Jul 212011
 
This week I participated in DearMyrtle’s webinar on Google+. I particularly liked the collaborative style of leadership that Myrt demonstrated, inviting participants to become presenters (that is,. having their screens available to the rest of the participants while they demonstrated something they learned about Google+). Since I recently wrote a post about doing my genealogical research in collaboration with my son, I began to wonder about the differing ways that we collaborate as genealogists / family historians.  Here are some my favorites:
  1. One-on-One Collaboration  (our collaborative research benefits both of us)  —  My introduction to genealogy came through collaboration. Before I was interested in genealogy, my 1st cousin, once removed, allowed me to copy his Brenner Notebook.  When the genealogy “bug” bit me, his work laid a foundation for my research.  Early on, my brother-in-law and I shared data back and forth.  He provided most of the initial data for my wife’s lineage.  In the past couple of years, I have been able to collaborate with a number of people; my thanks to them:    Mary Anna and Miriam Bode (telling the stories behind Dana’s Brenner Notebook); John Boyer (Weaver, Gregg, and Boyer research); David Brenner (Brenner and Van Fossan research); Arlene Manale (Brenner research); Deb Williams (Messerall family Bible); Ernest Schumacher (Venninger research); Allen Frederickson (Cole research); and, of course, my son, Russ (the focus of my post, “Collaborative Genealogy”).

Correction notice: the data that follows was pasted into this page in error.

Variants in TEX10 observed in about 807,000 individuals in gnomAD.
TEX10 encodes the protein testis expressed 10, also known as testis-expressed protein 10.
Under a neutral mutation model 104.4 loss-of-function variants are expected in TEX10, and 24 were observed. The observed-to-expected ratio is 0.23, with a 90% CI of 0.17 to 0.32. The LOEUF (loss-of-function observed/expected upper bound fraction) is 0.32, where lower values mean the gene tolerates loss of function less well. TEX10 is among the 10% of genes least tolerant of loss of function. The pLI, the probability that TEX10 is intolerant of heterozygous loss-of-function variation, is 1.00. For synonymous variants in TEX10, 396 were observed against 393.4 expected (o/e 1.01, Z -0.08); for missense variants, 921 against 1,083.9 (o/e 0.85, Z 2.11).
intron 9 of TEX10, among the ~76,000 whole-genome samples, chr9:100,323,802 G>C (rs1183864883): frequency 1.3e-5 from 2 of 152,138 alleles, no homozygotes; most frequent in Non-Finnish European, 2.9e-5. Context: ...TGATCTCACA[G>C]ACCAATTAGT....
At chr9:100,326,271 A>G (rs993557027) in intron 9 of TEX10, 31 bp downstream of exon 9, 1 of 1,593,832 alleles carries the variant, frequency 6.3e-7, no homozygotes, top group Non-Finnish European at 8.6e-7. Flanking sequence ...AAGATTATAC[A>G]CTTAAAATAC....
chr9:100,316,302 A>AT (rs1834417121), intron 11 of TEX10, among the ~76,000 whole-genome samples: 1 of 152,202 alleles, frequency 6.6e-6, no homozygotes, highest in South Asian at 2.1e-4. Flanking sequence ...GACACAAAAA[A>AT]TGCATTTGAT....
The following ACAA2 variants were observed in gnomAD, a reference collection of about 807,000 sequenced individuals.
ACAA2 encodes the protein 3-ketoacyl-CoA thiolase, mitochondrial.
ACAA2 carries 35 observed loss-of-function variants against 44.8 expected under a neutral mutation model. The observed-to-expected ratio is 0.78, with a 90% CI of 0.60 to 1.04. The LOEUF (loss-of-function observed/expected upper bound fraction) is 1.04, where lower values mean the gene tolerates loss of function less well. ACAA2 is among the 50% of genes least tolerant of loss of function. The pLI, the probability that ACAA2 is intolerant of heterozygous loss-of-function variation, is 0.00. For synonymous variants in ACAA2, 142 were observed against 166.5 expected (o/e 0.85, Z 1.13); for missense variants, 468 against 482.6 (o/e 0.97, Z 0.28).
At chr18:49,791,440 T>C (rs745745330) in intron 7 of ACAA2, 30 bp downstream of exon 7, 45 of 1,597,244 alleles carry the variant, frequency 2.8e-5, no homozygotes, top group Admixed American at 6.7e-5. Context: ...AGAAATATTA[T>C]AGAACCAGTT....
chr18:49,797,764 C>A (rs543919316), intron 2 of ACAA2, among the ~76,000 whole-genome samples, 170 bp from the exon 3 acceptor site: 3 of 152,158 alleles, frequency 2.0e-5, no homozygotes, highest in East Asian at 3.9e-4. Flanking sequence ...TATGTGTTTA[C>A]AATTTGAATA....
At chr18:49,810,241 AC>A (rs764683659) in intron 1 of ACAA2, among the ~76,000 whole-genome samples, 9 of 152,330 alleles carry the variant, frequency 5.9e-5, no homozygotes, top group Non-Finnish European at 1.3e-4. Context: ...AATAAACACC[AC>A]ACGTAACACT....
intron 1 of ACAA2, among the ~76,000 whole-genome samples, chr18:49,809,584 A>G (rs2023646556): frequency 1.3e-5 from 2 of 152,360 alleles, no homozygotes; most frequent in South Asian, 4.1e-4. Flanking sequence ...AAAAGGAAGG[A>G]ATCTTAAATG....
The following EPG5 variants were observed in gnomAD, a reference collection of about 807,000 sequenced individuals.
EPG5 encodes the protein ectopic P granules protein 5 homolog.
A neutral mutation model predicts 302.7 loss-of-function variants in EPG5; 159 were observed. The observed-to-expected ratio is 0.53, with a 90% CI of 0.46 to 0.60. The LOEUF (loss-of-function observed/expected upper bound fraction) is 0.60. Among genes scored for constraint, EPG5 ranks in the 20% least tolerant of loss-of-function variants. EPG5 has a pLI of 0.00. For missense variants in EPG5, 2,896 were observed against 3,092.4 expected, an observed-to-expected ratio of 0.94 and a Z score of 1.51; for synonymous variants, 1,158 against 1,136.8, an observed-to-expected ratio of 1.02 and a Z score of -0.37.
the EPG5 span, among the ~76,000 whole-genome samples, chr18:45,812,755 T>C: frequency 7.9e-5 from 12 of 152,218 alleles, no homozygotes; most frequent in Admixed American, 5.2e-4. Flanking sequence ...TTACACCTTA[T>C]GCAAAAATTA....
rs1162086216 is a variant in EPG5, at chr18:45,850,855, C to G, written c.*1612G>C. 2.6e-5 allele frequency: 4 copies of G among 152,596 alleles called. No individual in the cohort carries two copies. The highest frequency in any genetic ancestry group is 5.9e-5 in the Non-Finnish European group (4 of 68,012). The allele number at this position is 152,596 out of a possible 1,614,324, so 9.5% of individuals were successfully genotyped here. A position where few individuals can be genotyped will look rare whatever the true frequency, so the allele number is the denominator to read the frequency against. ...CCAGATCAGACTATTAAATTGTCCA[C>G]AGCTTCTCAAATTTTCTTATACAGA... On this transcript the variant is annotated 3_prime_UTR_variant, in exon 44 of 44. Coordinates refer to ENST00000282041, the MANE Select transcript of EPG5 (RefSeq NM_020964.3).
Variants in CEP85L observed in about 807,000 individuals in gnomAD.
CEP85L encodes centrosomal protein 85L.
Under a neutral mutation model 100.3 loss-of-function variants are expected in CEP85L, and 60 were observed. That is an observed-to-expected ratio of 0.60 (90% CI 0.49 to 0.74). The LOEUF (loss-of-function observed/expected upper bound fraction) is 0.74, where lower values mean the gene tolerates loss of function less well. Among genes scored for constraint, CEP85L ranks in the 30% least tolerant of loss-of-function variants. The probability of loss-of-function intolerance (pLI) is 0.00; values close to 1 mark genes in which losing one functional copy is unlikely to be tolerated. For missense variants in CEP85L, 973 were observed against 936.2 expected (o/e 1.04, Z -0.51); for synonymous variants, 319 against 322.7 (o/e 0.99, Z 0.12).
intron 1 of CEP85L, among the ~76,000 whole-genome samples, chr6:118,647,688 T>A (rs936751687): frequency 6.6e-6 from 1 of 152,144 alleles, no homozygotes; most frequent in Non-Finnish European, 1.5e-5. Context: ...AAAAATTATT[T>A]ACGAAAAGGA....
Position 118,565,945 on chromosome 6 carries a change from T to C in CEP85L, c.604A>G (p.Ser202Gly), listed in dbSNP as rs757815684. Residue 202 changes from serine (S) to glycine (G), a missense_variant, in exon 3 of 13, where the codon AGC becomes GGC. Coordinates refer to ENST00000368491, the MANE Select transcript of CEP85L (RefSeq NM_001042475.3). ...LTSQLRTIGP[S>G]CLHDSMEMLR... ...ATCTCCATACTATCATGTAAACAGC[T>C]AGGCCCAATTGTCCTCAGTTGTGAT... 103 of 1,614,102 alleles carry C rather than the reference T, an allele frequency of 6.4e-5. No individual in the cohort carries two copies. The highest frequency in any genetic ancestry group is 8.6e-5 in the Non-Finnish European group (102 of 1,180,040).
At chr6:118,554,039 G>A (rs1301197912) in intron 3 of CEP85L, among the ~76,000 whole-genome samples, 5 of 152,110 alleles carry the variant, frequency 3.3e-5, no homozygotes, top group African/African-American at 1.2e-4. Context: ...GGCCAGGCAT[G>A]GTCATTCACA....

2. Insight Collaboration  (I glean ideas from others that spark new ideas for me)  —  I regularly scan 94 genealogy blogs, picking up ideas and suggestions that inform my work.  a couple of weeks ago, I read a post that directed me to Tonia’s Roots blog.  She issued an invitation: “Then join me as I spend the next 31 weeks putting into practice tips and tricks from ProBlogger, Darren Rowse.”  She provides a summary of ideas from Rowse’s ebook and suggests a challenge task for the week.  This blog post is a part of response to week’s 3’s challenge:  “#31WBGB: Promote a Blog Post.”  
  3. Reflective Collaboration   (your thoughts + my thoughts can lead to better thinking)  —  Reflective Collaboration is more interactive than Insight Collaboration.        Comments on blog posts and social networking (Facebook, Google+, GenealogyWise, et al) all provide ways of sharing ideas. Sometimes focused on solving a particular problem;  here brainstorming can help break down brick walls.  There has been a lot of Reflective Collaboration in the past couple of years about source and citations.  One benefit of having a tech-savvy son, is that we regularly think through the intersection of genealogical research and technology.  Our private research WIKI has helped us map out our priorities and goals.